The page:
How Old Am I?
“There is a fountain of youth: it is your mind, your talents, the creativity you bring to your life and the lives of people you love.” Sophia Loren
“How old do you feel, Grandma?” My pre-teen granddaughter and I had been talking about the difference between the way older people feel and the way they look. It took me a while to answer. “Somewhere in my 50s,” I replied, though I’m decades older. The point is: I act my age but I don’t feel it. At times I feel like a little girl, other times like a prime of life grown-up. There are times when my body can’t keep up with my spirit.
Swinging side by side with a grandchild at the playground, rolling down a grassy hill, planning an April Fool’s Day prank – none of these is beneath my dignity. In fact, I want to crow that the fun doesn’t stop when your just one candle tops your birthday cake to avoid a fire hazard. On silver and golden anniversaries, when I don’t feel as old as I look, it’s confusing. I often wonder, how old am I?
“Mom, are you planning to drive to the retreat? Maybe you should take the train. There might be heavy traffic.” Ah, the little role reversals that come with age – when your middle-aged children chime in on whatever you’re up to. The shift caught me by surprise when it started. After my husband died, it went from an occasional “Want my two cents?” to a steady flow of advice from all of them, always well-meaning and helpful. But I’m the one who pinned their mittens to their snowsuits and warned them not to step in puddles. Guess I set a great example. They care.
When my mom was the age I am now, she was widowed, too. Unlike me, she was on her own for the first time in her life. From across the miles I kept an eye out for ways to support her vibrant, life-loving lifestyle. Now my kids are doing that for me. That’s hard to wrap my head around. Sure, I want them to weigh in on weighty decisions. And yes, I rely on their recipes when I’m off to a potluck. I love their tips about new apps (WAZE is my favorite; love those shortcuts when the highway’s jammed). But I manage my finances and maintain my house, yard and car, while living the life I choose and gobbling up new experiences. I rose to the challenge when the basement flooded, and held my ground when Mother Nature pulled off her devilish new trick, a Derecho, the history-making storm system that cut off my power for seven 100-degree days. Sure, I welcomed my kids’ suggestions about how to cope. But I’m the one that did the coping!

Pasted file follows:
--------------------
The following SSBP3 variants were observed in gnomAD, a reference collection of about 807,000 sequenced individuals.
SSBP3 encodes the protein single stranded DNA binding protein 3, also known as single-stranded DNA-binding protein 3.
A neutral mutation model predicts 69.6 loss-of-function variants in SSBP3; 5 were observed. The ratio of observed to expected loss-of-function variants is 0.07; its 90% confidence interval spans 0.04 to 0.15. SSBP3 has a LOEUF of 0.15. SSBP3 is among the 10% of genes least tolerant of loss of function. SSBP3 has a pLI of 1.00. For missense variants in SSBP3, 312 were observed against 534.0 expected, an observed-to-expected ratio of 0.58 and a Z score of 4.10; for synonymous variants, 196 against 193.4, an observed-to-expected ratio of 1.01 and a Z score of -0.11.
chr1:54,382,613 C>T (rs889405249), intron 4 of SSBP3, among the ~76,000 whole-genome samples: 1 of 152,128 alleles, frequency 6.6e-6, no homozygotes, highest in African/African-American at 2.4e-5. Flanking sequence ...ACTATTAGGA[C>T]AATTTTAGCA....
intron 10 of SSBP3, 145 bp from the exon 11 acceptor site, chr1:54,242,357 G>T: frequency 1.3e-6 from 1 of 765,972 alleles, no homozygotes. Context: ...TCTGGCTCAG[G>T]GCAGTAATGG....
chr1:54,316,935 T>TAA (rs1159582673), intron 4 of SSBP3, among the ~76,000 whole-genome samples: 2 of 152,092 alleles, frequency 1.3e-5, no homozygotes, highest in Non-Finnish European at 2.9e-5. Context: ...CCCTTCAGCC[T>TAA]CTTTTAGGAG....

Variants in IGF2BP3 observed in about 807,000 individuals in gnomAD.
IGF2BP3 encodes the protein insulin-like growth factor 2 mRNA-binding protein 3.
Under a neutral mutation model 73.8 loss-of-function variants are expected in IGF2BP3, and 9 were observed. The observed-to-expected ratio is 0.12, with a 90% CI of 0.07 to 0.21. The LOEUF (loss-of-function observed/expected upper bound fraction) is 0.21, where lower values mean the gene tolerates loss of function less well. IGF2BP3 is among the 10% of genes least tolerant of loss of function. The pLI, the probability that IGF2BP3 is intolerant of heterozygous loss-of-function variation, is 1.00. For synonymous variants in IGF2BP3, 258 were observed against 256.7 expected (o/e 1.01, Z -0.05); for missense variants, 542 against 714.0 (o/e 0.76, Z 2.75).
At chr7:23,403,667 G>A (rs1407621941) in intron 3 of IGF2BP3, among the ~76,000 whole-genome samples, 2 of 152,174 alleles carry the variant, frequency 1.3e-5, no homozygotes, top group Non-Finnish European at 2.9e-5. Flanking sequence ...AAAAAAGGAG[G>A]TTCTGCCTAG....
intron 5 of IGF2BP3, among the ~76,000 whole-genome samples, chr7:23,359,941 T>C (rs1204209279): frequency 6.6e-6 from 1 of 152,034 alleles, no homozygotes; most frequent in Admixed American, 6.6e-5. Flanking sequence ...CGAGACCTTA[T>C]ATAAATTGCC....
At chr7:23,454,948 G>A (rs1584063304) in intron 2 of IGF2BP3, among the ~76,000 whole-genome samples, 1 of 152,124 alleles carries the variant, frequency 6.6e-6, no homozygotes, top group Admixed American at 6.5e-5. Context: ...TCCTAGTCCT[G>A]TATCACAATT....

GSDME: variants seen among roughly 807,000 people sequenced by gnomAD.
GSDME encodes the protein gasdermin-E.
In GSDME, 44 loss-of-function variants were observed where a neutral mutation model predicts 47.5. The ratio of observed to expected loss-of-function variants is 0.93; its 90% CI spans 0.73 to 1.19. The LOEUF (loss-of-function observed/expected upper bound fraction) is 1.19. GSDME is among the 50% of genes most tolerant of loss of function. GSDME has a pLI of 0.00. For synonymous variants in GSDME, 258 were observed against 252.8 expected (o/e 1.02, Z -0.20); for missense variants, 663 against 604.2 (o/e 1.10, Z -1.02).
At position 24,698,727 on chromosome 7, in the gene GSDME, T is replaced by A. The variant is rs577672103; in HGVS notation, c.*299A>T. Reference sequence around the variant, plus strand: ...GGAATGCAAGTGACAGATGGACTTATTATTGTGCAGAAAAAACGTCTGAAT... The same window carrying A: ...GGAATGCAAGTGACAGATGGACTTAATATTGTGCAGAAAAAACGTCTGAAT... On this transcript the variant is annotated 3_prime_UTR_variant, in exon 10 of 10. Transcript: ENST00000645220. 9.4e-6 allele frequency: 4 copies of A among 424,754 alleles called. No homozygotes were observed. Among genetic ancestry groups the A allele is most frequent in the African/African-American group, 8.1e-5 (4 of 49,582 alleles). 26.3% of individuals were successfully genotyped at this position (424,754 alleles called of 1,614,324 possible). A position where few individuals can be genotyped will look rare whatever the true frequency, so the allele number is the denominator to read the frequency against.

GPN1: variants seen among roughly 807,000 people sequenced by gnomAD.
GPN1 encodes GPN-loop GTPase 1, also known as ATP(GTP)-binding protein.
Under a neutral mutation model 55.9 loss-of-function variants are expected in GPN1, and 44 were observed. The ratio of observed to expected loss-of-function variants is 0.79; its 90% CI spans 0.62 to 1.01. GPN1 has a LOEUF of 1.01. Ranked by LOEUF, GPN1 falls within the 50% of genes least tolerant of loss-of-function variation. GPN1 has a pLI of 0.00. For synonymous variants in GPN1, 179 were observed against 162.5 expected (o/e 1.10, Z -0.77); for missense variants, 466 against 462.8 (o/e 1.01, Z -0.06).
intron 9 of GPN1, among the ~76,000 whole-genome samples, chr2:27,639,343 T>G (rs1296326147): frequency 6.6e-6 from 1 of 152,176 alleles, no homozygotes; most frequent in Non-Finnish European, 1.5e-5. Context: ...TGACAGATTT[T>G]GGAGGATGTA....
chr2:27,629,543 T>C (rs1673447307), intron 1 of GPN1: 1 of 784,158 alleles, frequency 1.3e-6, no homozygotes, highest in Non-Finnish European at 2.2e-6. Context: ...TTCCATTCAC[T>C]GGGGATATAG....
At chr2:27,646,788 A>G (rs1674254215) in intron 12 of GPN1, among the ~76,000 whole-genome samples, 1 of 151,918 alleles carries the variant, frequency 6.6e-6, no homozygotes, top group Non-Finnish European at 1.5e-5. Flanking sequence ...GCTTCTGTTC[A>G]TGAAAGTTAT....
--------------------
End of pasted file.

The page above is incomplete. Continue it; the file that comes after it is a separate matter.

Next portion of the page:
How old am I? The jury’s out. Old enough to tell my grandchildren stories so they’ll “meet” the family who came before them and learn about my life, too. I want them to know me as a whole person who happens – and is thrilled – to be their grandma. I wish I’d known my grandparents that way. And curious enough to never stop wondering how things work. One day as my granddaughter and I were web-surfing I exclaimed, “I love Google!”
Surprised by my outburst, she asked, “Why, Grandma?”
“Because I have a million questions about everything.”
“I love you so much!” she giggled, as she gave me a hug.
When the two of us went to Ellis Island, the little girl in me was shouting “Oh, Goodie!” as we boarded the ferry. But as we set foot in that hallowed place, the matriarch I’m becoming felt profoundly blessed to share this generation-spanning experience with my daughter’s daughter. As I looked at her fresh, freckled, soon to be a teenager’s face, I understood: I may not know how old I am, but I know that she’s the one who’ll write the next chapter of our family’s story.
Always asking, “What’s next?” Solo, sassy Barbara Rady Kazdan loves back roads travel and forward thinking. Find this empty nester enjoying close friends and her shaggy sheepdog in Silver Spring, Maryland, en route to far-flung family, and online at http://www.achievingchangetogether.com/published-essays.php and https://www.linkedin.com/in/barbarakazdan?trk=hp-identity-name.